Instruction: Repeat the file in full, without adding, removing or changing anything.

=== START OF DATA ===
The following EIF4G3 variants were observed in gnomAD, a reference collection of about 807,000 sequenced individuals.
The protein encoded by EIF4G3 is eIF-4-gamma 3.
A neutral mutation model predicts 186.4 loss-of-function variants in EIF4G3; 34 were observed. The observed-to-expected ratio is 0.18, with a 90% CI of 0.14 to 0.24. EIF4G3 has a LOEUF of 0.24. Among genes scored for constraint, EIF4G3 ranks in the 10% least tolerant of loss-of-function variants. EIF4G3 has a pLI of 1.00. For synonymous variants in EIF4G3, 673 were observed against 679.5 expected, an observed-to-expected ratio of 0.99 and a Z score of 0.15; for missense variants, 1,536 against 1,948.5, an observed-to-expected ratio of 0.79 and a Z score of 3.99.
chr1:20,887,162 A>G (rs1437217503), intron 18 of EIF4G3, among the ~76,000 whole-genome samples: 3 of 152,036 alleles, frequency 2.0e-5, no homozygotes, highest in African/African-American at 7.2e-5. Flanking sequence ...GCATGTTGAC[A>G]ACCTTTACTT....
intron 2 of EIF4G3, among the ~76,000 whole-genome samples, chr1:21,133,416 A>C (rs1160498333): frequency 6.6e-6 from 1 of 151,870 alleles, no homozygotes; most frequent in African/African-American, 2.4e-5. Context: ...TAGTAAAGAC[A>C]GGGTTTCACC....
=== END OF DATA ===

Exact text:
The following EIF4G3 variants were observed in gnomAD, a reference collection of about 807,000 sequenced individuals.
The protein encoded by EIF4G3 is eIF-4-gamma 3.
A neutral mutation model predicts 186.4 loss-of-function variants in EIF4G3; 34 were observed. The observed-to-expected ratio is 0.18, with a 90% CI of 0.14 to 0.24. EIF4G3 has a LOEUF of 0.24. Among genes scored for constraint, EIF4G3 ranks in the 10% least tolerant of loss-of-function variants. EIF4G3 has a pLI of 1.00. For synonymous variants in EIF4G3, 673 were observed against 679.5 expected, an observed-to-expected ratio of 0.99 and a Z score of 0.15; for missense variants, 1,536 against 1,948.5, an observed-to-expected ratio of 0.79 and a Z score of 3.99.
chr1:20,887,162 A>G (rs1437217503), intron 18 of EIF4G3, among the ~76,000 whole-genome samples: 3 of 152,036 alleles, frequency 2.0e-5, no homozygotes, highest in African/African-American at 7.2e-5. Flanking sequence ...GCATGTTGAC[A>G]ACCTTTACTT....
intron 2 of EIF4G3, among the ~76,000 whole-genome samples, chr1:21,133,416 A>C (rs1160498333): frequency 6.6e-6 from 1 of 151,870 alleles, no homozygotes; most frequent in African/African-American, 2.4e-5. Context: ...TAGTAAAGAC[A>C]GGGTTTCACC....